Just over a year since the ambitious double take of the Basses Loaded LP and collaborative Three Men and a Baby record, the Melvins have returned with what on the surface appears to be an equally determined effort with their first double album in A Walk With Love & Death.

In truth, the collection isn't a cohesive or connected work by any stretch. Set into two distinctive halves, disc one is "Death" with two titled "Love," the assemblage is part studio album ("Death") and part soundtrack to an upcoming short-film by Jesse Nieminen ("Love").

"Death" on its own is a fantastic record. Opening with the languid and lengthy mood piece "Black Heath," driven by Steven McDonald's equally playful and brooding bass maneuverings. The track bleeds almost seamlessly into "Sober-Delic (Acid Only)," another dour number that stretches itself out over six minutes. Revisiting their sludge roots on "Euthanasia," frontman Buzz Osborne howls into the ether before the song is drenched in cascading guitar soloing over the menacing beat.

That Dog singer Anna Waronker takes a welcome guest turn on "What's Wrong With You?," a spiky, punk-infused track. Later on the record, Le Butcherettes frontwoman Teri Gender Bender appears on "Cactus Party," adding some fiery background to the song. Elsewhere, Pixies guitarist Joey Santiago provides "extra guitar," according to the liner notes.

Overall, the "Death" side of A Walk With Love & Death is classic Melvins, from the thumping "Edgar the Elephant" to the weaving, schizophrenic delight of "Christ Hammer," which Loudwire premiered back in May, and even the weirded-out closer, the chugging "Cardboa Negro." It's what fans have come to expect -- often the unexpected -- from a band who has never played by the rules.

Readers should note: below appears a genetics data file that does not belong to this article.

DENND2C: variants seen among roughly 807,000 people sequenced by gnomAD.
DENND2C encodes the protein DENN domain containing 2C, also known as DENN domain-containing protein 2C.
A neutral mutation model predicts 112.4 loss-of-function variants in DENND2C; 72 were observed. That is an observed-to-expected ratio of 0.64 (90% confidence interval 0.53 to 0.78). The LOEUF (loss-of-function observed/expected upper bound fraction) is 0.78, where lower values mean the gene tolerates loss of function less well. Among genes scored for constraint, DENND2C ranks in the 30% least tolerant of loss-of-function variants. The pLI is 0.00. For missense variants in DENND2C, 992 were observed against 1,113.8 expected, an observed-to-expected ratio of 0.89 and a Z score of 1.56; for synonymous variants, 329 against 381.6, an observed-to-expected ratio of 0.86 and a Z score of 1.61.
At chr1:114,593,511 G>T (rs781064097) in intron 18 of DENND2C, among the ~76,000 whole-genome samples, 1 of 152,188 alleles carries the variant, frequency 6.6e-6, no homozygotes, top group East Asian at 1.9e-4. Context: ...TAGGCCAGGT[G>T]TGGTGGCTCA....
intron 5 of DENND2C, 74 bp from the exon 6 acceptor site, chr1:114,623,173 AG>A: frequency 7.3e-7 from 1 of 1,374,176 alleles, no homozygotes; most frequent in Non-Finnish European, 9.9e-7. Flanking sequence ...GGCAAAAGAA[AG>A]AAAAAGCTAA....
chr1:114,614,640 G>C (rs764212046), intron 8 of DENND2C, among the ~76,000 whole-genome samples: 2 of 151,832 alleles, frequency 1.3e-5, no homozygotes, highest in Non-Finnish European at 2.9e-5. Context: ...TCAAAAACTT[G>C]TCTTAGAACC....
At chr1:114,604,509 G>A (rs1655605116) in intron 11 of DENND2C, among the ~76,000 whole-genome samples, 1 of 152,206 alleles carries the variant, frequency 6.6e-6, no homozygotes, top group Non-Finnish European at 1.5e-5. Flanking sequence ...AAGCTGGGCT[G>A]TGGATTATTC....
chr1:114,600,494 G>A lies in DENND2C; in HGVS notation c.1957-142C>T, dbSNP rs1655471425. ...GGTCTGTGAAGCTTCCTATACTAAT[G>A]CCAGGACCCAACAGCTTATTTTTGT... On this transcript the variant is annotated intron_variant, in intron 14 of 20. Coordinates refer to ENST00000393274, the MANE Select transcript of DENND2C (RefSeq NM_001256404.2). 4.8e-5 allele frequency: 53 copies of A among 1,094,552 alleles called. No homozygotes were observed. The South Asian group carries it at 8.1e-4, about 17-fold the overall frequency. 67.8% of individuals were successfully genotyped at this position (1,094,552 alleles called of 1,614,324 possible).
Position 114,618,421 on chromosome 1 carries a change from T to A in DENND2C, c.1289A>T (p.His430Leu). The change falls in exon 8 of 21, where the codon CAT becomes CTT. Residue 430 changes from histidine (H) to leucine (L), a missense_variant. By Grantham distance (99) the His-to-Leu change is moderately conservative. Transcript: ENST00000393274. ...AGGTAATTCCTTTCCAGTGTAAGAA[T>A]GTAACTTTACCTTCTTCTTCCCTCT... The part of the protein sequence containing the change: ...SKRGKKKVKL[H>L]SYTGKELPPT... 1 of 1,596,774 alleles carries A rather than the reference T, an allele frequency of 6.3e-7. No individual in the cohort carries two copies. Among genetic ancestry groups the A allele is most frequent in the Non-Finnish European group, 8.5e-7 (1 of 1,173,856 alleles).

Then there's the "Love" side of things - and this is where the listener's patience is going to be tested to the highest degree. Yes, it's a soundtrack, but not in the way that Bernard Herrmann's music accompanied Alfred Hitchcock's films perfectly, but could also exist on their own merit as standalone pieces.

None of that exists on "Love."

To try to review what at best can be described as an off kilter avant-garde work would be like attempting to provide insightful commentary to a conversation one can barely hear from the other side of the wall while a foreign radio station blares in the background. It's all over the place, with snippets of what might be dialogue from the upcoming film, also titled A Walk With Love & Death, sprinkled with echoes of instrumentation but nothing resembling a fully-formed song in the traditional sense.

To frame it a different way, no one is going to put "Chicken Butt" or "Eat Yourself Out" on the top of any Melvins' list, unless it's "funniest song titles." Then again, band drummer Dale Crover has described A Walk With Love & Death as "one giant, dark, moody, psychotic head trip," and he certainly can't be accused of false advertising.

Maybe "Love" will make more sense when it's put into the context of the short film, but it will never be more than an oddity that came along with what is otherwise one of the most solid albums ("Death") the Melvins have produced to date.

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